Game and Fish commission postpones trail camera decision for another month
After a lot of discussion, four members of the Arizona Game and Fish Commission who attended Friday’s public meeting in Kingman decided that more time was needed to determine the fate of trail camera use issue in Arizona.
In a 2-2 vote, with Commissioners Jim Ammons and James Zieler voting to not support the department’s recommendation of a one-quarter mile setback of trail camera use at most man-made water sources, and Commissioners Kurt Davis and Bill Brake on the other hand supporting the department’s recommendation, it will be at least another month before the issue if finally decided.
A fifth commissioner, Eric Sparks, was not in attendance at the meeting and would have cast the deciding vote had he been there.
The discussion came during the meeting when the commission was to decide whether or not to approve the recommendations of the department, including what is known as the “Fair Chase Committee,” to the Article 3 package, which deals with the taking and handling of wildlife in Arizona.
A number of speakers addressed the commission, including myself, on the proposal concerning trail cameras. Personally, I think it is very discriminatory. As written, a camera couldn’t be used at a water if the images were going to assist in the take of wildlife, but bird or wildlife watchers would not be under that same restriction. They could have cameras there at waters with no restrictions. While some argue that sportsmen cameras at waters cause a disruption for wildlife, it appears that they feel a non-consumptive users camera would not.
Doesn’t make any sense to me.
Plus, that restriction would be a law enforcement nightmare. How would an officer know if the camera was a sportsman’s, or a wildlife watcher’s?
Jay Cook, who is heading the department’s effort to address the Article 3 items, noted that the trail camera issue had generated more written comments than any of the other proposed recommendations.
Cook said the department had received 46 emails in support of the one-quarter mile restriction on the use of passive trail cameras, while 55 comments had been received that did not support the recommendation.
A lot of the discussion centered on the phrase “Fair Chase” and the department interprets it as the use of trail cameras at water sources violates that edict.
The Arizona Game and Fish Commission defines Fair Chase as the ethical, sportsmanlike, and lawful pursuit and taking of free ranging Arizona wildlife in a manner that does not give the hunter or angler improper or unfair advantage over such wildlife.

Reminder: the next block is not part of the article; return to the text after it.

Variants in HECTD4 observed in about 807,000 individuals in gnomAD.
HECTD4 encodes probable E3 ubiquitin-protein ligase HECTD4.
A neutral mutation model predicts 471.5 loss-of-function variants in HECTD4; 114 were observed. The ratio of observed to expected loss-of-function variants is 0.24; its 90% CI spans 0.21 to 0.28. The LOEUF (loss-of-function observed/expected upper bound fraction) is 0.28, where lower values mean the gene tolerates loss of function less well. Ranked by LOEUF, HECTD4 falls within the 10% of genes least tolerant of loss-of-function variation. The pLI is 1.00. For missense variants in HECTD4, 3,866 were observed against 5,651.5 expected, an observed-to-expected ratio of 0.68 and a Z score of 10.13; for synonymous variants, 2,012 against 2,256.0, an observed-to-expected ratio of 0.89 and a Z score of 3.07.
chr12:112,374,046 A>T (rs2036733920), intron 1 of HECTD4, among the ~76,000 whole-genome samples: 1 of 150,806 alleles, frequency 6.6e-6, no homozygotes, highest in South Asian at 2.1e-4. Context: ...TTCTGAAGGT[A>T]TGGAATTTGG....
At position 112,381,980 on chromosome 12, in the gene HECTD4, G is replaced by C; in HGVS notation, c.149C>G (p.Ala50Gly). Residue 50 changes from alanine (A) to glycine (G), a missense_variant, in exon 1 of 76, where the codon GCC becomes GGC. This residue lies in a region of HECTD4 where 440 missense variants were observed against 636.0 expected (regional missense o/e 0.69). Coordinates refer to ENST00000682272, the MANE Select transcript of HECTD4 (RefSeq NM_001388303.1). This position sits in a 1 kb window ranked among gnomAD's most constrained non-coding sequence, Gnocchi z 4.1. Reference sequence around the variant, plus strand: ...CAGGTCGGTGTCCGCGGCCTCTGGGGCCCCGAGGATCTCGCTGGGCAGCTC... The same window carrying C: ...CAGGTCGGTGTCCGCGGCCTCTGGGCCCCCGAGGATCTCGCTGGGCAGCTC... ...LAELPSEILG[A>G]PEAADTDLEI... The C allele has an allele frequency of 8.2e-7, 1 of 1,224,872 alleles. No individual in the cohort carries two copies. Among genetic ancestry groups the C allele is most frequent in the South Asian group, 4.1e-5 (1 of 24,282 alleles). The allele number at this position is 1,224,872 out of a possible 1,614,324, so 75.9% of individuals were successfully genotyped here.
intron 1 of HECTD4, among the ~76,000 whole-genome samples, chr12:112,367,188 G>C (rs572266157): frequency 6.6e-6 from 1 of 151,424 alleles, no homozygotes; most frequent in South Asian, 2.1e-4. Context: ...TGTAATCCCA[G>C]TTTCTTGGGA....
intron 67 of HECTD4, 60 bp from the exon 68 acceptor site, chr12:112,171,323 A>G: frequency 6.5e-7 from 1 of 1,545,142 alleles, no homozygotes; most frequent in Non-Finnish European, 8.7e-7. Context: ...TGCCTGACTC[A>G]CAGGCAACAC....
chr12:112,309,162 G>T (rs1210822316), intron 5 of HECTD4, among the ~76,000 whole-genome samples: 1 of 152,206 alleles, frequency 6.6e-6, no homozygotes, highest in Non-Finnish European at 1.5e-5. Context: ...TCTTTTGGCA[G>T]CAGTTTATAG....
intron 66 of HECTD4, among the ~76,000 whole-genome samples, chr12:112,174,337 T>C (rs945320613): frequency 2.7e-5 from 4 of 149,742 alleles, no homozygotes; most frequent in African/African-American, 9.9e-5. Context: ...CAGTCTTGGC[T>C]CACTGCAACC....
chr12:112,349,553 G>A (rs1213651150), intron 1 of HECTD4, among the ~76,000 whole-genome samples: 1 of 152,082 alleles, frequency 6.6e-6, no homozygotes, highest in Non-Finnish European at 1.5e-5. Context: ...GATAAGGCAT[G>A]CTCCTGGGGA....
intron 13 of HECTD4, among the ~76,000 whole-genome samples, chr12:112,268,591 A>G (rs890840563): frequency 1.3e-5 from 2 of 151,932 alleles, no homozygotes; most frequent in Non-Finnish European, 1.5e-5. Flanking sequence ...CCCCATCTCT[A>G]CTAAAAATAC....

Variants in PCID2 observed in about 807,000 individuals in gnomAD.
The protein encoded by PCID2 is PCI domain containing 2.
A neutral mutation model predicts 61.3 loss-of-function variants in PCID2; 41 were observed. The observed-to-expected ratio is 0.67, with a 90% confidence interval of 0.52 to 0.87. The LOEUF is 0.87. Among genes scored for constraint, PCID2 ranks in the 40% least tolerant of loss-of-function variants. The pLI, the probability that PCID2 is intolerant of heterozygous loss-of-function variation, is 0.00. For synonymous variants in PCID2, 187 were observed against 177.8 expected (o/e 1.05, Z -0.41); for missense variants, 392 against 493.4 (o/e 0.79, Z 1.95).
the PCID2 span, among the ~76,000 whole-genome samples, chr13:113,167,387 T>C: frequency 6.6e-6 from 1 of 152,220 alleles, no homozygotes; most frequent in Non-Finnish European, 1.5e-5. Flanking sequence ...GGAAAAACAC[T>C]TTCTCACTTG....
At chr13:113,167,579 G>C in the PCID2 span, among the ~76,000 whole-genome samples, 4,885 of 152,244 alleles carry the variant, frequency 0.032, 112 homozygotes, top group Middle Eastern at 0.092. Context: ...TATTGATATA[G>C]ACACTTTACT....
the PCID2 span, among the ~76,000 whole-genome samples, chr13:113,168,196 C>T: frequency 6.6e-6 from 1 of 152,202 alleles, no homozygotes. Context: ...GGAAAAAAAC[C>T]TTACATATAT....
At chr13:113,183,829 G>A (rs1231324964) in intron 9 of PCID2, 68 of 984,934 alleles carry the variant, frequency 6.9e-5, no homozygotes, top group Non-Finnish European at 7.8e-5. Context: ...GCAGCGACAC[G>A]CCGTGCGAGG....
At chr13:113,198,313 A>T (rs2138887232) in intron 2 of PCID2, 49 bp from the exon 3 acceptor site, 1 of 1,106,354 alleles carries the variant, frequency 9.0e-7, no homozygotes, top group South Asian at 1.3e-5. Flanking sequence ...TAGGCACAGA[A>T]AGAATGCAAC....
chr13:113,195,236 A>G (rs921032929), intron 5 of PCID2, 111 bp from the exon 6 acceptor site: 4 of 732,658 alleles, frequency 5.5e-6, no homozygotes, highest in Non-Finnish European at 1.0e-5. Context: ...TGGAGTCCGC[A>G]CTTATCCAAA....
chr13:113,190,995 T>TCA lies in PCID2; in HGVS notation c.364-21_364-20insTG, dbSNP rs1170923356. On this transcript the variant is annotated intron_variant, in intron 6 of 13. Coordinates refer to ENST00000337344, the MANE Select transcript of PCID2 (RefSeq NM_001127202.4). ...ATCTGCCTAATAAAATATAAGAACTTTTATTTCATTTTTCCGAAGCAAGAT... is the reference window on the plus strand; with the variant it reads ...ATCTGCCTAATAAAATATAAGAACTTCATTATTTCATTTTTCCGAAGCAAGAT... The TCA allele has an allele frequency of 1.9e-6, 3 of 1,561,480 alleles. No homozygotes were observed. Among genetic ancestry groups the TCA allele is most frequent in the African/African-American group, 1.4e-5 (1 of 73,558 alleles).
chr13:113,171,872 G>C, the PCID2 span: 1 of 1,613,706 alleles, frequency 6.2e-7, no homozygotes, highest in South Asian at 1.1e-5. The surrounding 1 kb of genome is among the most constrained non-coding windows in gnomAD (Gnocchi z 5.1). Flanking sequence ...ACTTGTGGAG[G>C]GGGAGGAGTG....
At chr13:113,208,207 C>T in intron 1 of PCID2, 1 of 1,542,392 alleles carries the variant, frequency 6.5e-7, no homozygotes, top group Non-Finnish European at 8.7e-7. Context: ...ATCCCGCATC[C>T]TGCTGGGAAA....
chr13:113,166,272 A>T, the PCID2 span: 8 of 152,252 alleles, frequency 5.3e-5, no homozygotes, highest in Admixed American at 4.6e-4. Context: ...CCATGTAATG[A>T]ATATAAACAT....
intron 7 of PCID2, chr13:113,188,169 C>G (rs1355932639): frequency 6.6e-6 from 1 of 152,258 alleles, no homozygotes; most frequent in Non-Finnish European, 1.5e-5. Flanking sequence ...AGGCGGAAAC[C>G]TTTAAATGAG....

That’s interesting, since none of the 10 trail cameras I own have ever jumped off a post and killed anything, and no animals that I have got photos of have ever been taken.
And that definition is what is causing the differing of opinions from Arizona sportsmen.
Only one local sportsman, Jim Cave, spoke out in support of the proposed restriction, saying that he personally had a bad experience on the Arizona Strip on a deer hunt that he believed was caused by the prolific use of trail cameras.
Now the issue will carry over to the June commission meeting, with Commission Chairman Jim Ammons asking the individuals and the public to submit ideas on how the proposed restriction could be modified to satisfy those with concerns. Ammons asked me if I had any suggestions on a way to come to a compromise on this issue, but unfortunately I don’t. My only suggestion would be to drop the matter, but I know that won’t happen.
Maybe some of you in the general public have an idea on how to resolve this issue? If you do, let Ammons know. Send your ideas to Ammons by going to the department’s website and under commission you will find a link to contact him.
One sportsman from Flagstaff who attended the meeting and spoke out against the restrictions was Russ Jacoby. Jacoby is part of a guide operation that assists hunters on bison hunts on the Kaibab.
Jacoby said he believes it is going to be tough finding any common ground when it comes to the restriction of trail camera use in Arizona, but Jacoby agreed to assist Ammons in finding a solution.
There will be a lot more dialogue between both sides, and I’m sure some other suggestions will be brought forth. I’ve heard it said time and time again that we sportsmen are our own worst enemies.
Sportsmen are slowly losing our freedoms to what I call “Creeping Incrementalism,” which happens when government tries to micro-manage every aspect of our lives.
This trail camera issue looks like a perfect example of that to me.